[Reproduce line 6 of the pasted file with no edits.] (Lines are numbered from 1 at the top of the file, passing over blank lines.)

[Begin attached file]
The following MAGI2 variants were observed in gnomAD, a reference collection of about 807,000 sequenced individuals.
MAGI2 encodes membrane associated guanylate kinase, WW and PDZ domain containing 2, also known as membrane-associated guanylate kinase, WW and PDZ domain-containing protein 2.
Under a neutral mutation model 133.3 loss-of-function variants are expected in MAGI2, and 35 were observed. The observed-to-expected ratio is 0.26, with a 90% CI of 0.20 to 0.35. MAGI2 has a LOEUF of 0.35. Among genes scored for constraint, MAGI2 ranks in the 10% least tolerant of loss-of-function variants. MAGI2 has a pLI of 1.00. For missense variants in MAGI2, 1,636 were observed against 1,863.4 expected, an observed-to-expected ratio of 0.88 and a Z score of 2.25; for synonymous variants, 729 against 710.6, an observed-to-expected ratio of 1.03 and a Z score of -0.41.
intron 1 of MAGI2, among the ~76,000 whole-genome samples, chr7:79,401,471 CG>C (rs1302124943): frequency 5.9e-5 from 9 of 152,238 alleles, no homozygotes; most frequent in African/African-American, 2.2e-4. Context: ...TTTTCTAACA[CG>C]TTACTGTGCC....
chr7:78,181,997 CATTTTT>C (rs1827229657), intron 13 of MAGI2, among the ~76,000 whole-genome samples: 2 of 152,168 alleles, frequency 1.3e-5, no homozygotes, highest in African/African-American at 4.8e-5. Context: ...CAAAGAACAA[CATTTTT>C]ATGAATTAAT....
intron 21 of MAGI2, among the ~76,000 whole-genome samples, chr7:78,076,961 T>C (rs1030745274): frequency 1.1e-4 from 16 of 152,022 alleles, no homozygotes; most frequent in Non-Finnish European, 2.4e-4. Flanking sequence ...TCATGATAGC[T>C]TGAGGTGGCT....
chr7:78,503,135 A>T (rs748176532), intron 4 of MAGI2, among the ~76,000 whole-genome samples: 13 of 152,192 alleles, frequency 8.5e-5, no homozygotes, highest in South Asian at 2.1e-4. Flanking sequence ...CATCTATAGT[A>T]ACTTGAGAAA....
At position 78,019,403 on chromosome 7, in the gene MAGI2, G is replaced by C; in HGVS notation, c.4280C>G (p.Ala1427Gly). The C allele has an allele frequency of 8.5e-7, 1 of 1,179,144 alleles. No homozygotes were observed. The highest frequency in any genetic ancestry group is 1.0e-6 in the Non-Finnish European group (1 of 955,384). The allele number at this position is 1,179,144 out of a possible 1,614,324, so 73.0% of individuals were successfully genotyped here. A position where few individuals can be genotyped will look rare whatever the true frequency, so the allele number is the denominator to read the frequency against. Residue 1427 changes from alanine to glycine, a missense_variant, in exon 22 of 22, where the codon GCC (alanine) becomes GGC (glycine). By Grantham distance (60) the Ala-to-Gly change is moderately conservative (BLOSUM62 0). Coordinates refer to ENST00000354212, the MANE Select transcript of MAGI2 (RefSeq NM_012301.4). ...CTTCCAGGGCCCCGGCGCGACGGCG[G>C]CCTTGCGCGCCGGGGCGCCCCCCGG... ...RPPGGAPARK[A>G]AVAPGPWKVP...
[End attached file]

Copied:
intron 21 of MAGI2, among the ~76,000 whole-genome samples, chr7:78,076,961 T>C (rs1030745274): frequency 1.1e-4 from 16 of 152,022 alleles, no homozygotes; most frequent in Non-Finnish European, 2.4e-4. Flanking sequence ...TCATGATAGC[T>C]TGAGGTGGCT....